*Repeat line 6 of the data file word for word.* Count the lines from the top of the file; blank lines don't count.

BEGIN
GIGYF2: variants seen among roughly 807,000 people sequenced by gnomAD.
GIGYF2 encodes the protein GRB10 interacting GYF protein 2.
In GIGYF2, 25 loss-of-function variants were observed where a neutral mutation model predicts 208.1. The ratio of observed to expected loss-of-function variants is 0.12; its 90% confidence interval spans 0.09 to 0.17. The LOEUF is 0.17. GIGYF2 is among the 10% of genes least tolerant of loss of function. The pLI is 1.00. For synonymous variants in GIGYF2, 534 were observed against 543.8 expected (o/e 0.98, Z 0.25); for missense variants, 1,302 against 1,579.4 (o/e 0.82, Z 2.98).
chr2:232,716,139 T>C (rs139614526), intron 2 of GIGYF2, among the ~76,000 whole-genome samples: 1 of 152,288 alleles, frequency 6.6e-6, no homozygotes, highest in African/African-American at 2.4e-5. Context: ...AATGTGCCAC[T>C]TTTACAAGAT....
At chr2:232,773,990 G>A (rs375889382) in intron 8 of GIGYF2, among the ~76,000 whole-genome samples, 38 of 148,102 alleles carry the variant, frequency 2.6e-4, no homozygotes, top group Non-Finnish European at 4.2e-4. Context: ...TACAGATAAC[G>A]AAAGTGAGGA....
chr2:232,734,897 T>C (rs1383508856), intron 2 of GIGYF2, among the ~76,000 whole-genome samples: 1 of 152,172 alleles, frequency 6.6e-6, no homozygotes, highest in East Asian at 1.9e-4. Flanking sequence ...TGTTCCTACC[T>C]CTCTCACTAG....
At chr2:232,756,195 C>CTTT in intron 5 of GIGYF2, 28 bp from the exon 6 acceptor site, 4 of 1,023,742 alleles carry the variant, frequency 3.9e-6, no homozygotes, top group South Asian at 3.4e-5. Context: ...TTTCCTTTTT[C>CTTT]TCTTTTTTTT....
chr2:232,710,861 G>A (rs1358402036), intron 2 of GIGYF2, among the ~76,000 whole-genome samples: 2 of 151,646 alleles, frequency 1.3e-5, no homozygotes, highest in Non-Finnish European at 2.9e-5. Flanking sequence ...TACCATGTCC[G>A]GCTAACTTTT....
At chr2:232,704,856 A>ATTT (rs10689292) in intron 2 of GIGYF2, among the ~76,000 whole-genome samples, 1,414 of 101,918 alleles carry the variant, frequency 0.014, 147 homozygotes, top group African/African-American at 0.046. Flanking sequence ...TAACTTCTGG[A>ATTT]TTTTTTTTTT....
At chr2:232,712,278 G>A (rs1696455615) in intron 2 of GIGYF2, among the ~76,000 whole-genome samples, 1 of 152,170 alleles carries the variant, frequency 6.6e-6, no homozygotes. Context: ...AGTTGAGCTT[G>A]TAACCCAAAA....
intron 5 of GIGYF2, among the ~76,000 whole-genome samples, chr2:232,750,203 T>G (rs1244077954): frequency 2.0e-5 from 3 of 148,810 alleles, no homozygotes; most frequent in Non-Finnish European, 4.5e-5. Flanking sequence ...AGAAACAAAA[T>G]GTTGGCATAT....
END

chr2:232,734,897 T>C (rs1383508856), intron 2 of GIGYF2, among the ~76,000 whole-genome samples: 1 of 152,172 alleles, frequency 6.6e-6, no homozygotes, highest in East Asian at 1.9e-4. Flanking sequence ...TGTTCCTACC[T>C]CTCTCACTAG....